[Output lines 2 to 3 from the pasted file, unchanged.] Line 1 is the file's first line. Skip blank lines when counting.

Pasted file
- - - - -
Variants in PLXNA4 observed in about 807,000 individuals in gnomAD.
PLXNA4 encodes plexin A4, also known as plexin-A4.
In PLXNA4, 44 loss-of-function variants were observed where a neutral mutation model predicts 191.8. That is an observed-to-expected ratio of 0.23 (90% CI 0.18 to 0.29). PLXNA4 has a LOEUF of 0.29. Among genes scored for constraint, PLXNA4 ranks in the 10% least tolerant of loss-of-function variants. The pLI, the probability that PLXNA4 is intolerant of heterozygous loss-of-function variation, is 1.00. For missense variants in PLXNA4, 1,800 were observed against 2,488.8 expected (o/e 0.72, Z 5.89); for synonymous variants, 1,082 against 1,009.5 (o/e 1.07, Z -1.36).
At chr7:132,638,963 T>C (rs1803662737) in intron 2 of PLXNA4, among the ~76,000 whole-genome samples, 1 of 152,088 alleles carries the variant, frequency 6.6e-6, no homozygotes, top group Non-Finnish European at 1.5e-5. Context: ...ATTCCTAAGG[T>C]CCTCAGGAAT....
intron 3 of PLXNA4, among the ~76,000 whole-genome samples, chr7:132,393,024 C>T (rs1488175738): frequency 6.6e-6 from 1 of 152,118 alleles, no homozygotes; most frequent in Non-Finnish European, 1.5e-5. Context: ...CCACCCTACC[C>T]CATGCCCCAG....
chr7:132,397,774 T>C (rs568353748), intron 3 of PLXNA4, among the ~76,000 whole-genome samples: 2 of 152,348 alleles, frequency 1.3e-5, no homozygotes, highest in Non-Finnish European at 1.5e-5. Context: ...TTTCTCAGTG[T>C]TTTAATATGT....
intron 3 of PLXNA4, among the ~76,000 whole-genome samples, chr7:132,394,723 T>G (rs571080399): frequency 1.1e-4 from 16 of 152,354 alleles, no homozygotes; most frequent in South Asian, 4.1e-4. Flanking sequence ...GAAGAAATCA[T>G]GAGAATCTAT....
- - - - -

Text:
PLXNA4 encodes plexin A4, also known as plexin-A4.
In PLXNA4, 44 loss-of-function variants were observed where a neutral mutation model predicts 191.8. That is an observed-to-expected ratio of 0.23 (90% CI 0.18 to 0.29). PLXNA4 has a LOEUF of 0.29. Among genes scored for constraint, PLXNA4 ranks in the 10% least tolerant of loss-of-function variants. The pLI, the probability that PLXNA4 is intolerant of heterozygous loss-of-function variation, is 1.00. For missense variants in PLXNA4, 1,800 were observed against 2,488.8 expected (o/e 0.72, Z 5.89); for synonymous variants, 1,082 against 1,009.5 (o/e 1.07, Z -1.36).